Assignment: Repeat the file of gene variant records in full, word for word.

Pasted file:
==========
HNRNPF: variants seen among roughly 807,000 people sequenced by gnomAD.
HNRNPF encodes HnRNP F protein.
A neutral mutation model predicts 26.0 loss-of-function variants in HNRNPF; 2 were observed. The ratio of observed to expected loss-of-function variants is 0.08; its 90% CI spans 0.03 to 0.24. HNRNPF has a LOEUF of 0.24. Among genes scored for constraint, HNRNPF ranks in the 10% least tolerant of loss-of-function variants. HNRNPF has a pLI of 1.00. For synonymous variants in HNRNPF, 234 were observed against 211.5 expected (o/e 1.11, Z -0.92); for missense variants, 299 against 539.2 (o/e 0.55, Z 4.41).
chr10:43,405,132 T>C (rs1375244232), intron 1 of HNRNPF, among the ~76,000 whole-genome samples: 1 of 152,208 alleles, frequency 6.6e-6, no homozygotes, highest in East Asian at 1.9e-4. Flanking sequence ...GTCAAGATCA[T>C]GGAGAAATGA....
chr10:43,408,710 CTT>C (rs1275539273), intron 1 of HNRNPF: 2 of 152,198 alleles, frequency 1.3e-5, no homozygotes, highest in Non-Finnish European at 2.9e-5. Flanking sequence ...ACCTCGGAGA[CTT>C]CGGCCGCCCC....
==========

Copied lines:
HNRNPF: variants seen among roughly 807,000 people sequenced by gnomAD.
HNRNPF encodes HnRNP F protein.
A neutral mutation model predicts 26.0 loss-of-function variants in HNRNPF; 2 were observed. The ratio of observed to expected loss-of-function variants is 0.08; its 90% CI spans 0.03 to 0.24. HNRNPF has a LOEUF of 0.24. Among genes scored for constraint, HNRNPF ranks in the 10% least tolerant of loss-of-function variants. HNRNPF has a pLI of 1.00. For synonymous variants in HNRNPF, 234 were observed against 211.5 expected (o/e 1.11, Z -0.92); for missense variants, 299 against 539.2 (o/e 0.55, Z 4.41).
chr10:43,405,132 T>C (rs1375244232), intron 1 of HNRNPF, among the ~76,000 whole-genome samples: 1 of 152,208 alleles, frequency 6.6e-6, no homozygotes, highest in East Asian at 1.9e-4. Flanking sequence ...GTCAAGATCA[T>C]GGAGAAATGA....
chr10:43,408,710 CTT>C (rs1275539273), intron 1 of HNRNPF: 2 of 152,198 alleles, frequency 1.3e-5, no homozygotes, highest in Non-Finnish European at 2.9e-5. Flanking sequence ...ACCTCGGAGA[CTT>C]CGGCCGCCCC....